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Palestinian Authority Calls For Elections Amid Egyptian Demonstrations

Benjamin Gottlieb |
February 1, 2011 | 3:53 p.m. PST

Senior News Editor

Netanyahu, Clinton and Abbas (Creative Commons).
Netanyahu, Clinton and Abbas (Creative Commons).

As demonstrations and governmental reform sweep across the Middle East, the Palestinian Authority announced Tuesday that it will “hold local elections as soon as possible” – a move that reflects the PA’s fear of anti-government protests spreading to the West Bank.
The Western-backed PA is the latest Arab government to announce preemtive measures aimed at pacifying regional citizen unrest over stagnant economic and political reforms.

Palestinian Prime Minister Salam Fayyad's Cabinet said dates for local elections would be determined during next week’s legislative session.

Although Fayyad said he hopes to hold elections in the West Bank and the Gaza Strip, senior Hamas officials denounced the idea, asserting that the PA does not have the right to call for such elections.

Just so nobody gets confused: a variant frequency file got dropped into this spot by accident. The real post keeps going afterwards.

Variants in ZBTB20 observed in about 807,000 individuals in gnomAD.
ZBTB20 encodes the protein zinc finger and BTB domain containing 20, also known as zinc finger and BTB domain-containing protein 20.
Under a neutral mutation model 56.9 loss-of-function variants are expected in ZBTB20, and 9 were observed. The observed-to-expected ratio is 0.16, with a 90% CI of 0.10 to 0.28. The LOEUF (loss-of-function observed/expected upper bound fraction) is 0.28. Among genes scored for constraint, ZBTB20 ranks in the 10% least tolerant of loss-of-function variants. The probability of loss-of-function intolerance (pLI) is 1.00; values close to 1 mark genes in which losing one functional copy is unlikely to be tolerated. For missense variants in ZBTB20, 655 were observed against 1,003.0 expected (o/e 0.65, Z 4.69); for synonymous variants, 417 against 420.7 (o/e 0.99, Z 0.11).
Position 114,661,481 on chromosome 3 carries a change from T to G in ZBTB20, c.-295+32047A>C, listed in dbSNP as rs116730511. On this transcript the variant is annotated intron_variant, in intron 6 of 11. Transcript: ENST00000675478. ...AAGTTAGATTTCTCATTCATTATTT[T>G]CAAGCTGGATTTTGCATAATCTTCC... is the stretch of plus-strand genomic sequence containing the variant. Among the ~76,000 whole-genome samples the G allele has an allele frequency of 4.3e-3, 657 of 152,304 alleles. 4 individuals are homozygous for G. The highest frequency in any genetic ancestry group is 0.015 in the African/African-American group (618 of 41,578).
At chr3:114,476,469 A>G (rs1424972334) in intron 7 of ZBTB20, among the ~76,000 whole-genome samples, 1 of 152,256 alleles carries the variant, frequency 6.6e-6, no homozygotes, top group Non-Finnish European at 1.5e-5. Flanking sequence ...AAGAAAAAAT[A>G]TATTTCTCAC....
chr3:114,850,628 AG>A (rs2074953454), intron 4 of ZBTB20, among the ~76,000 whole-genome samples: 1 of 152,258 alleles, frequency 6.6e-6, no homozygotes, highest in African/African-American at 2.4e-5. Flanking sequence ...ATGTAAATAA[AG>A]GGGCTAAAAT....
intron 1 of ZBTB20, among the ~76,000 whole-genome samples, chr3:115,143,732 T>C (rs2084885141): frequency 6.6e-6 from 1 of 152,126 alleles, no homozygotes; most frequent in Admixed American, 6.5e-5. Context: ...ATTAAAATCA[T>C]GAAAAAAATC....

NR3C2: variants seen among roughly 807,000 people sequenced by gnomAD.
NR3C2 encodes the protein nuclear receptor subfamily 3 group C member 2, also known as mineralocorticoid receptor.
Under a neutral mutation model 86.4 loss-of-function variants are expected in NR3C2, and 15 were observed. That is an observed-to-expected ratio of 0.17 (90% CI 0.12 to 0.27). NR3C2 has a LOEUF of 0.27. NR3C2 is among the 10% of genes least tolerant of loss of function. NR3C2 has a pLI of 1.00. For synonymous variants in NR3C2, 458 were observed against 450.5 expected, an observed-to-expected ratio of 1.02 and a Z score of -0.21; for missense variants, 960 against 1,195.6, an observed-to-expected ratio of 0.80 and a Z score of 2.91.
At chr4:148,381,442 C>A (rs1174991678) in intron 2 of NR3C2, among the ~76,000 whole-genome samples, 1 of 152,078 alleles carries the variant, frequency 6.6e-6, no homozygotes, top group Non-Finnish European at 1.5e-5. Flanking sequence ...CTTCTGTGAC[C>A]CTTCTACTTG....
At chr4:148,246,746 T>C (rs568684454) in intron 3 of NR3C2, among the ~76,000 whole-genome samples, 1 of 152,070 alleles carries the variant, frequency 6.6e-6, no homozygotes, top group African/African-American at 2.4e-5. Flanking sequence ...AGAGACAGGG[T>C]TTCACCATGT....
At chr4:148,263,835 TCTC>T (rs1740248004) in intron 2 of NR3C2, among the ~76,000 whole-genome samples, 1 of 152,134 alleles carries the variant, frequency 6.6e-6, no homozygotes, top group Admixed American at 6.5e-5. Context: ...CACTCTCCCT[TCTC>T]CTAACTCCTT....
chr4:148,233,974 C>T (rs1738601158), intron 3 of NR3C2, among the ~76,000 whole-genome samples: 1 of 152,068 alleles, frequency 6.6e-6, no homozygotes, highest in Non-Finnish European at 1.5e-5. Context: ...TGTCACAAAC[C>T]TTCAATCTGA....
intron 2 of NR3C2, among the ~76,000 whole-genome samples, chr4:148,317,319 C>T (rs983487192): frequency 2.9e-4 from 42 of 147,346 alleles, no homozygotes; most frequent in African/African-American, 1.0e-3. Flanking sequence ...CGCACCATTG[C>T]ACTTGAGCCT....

The PA – which has not held elections since 2006 – maintains a blemished history with regard to democracy. Last year, PA President Mahmoud Abbas squashed planned elections when it looked like his Fatah party would lose a number of key seats.
Adding to the list of election-related blunders for Fatah, the party endured a decisive loss to Hamas in the 2005 municipal elections, relinquishing control over the Palestinian parliament the following year.

The current parliament’s term expired in 2010 and Abbas’ in 2009.

According to a leak via the Palestine Papers, U.S. Secretary of State Hilary Clinton threatened Palestinian negotiators that any government other than the current Abbas administration would not receive American funds.

“Abu Mazen [Abbas] not running in the election is not an option…there is no alternative to him,” Clinton said in 2009, shortly before the canceled elections.

It's now clear that Arab governments across the Middle East are at risk of losing their favorability and legitimacy. The question of whether the remaining governments of the Middle East - such as the Omani absolute monarchy or the emirate-style government of Qatar - will follow suit is yet to be determined.


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